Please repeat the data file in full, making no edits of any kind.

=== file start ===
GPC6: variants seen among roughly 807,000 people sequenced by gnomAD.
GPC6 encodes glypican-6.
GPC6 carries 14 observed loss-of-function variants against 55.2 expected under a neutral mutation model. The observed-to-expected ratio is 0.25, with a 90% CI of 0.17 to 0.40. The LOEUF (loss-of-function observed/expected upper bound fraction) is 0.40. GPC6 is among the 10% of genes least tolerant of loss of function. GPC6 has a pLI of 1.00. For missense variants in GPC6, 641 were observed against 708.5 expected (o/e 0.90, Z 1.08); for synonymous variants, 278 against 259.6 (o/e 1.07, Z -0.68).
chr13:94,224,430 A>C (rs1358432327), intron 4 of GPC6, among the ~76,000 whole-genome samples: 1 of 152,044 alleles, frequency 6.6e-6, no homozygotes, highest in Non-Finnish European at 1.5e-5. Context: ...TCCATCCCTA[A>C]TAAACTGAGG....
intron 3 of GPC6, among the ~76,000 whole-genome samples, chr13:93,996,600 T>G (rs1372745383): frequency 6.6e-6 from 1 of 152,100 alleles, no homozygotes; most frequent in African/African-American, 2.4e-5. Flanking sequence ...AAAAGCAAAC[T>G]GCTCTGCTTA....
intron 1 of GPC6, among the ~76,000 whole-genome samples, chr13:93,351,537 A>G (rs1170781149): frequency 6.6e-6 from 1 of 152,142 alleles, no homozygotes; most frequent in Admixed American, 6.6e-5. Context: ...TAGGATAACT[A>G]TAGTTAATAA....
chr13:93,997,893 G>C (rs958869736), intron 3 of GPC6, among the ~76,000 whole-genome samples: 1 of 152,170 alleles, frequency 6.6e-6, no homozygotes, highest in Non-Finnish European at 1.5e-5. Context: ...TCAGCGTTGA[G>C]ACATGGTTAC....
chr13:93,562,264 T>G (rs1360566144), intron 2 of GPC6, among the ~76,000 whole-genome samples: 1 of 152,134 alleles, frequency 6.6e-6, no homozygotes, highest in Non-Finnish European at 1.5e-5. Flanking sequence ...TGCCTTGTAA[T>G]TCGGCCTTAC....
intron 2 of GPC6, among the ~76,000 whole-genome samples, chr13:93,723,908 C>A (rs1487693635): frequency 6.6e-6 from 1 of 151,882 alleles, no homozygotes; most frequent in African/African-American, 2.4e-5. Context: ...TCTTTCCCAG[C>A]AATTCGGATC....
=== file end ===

GPC6: variants seen among roughly 807,000 people sequenced by gnomAD.
GPC6 encodes glypican-6.
GPC6 carries 14 observed loss-of-function variants against 55.2 expected under a neutral mutation model. The observed-to-expected ratio is 0.25, with a 90% CI of 0.17 to 0.40. The LOEUF (loss-of-function observed/expected upper bound fraction) is 0.40. GPC6 is among the 10% of genes least tolerant of loss of function. GPC6 has a pLI of 1.00. For missense variants in GPC6, 641 were observed against 708.5 expected (o/e 0.90, Z 1.08); for synonymous variants, 278 against 259.6 (o/e 1.07, Z -0.68).
chr13:94,224,430 A>C (rs1358432327), intron 4 of GPC6, among the ~76,000 whole-genome samples: 1 of 152,044 alleles, frequency 6.6e-6, no homozygotes, highest in Non-Finnish European at 1.5e-5. Context: ...TCCATCCCTA[A>C]TAAACTGAGG....
intron 3 of GPC6, among the ~76,000 whole-genome samples, chr13:93,996,600 T>G (rs1372745383): frequency 6.6e-6 from 1 of 152,100 alleles, no homozygotes; most frequent in African/African-American, 2.4e-5. Flanking sequence ...AAAAGCAAAC[T>G]GCTCTGCTTA....
intron 1 of GPC6, among the ~76,000 whole-genome samples, chr13:93,351,537 A>G (rs1170781149): frequency 6.6e-6 from 1 of 152,142 alleles, no homozygotes; most frequent in Admixed American, 6.6e-5. Context: ...TAGGATAACT[A>G]TAGTTAATAA....
chr13:93,997,893 G>C (rs958869736), intron 3 of GPC6, among the ~76,000 whole-genome samples: 1 of 152,170 alleles, frequency 6.6e-6, no homozygotes, highest in Non-Finnish European at 1.5e-5. Context: ...TCAGCGTTGA[G>C]ACATGGTTAC....
chr13:93,562,264 T>G (rs1360566144), intron 2 of GPC6, among the ~76,000 whole-genome samples: 1 of 152,134 alleles, frequency 6.6e-6, no homozygotes, highest in Non-Finnish European at 1.5e-5. Flanking sequence ...TGCCTTGTAA[T>G]TCGGCCTTAC....
intron 2 of GPC6, among the ~76,000 whole-genome samples, chr13:93,723,908 C>A (rs1487693635): frequency 6.6e-6 from 1 of 151,882 alleles, no homozygotes; most frequent in African/African-American, 2.4e-5. Context: ...TCTTTCCCAG[C>A]AATTCGGATC....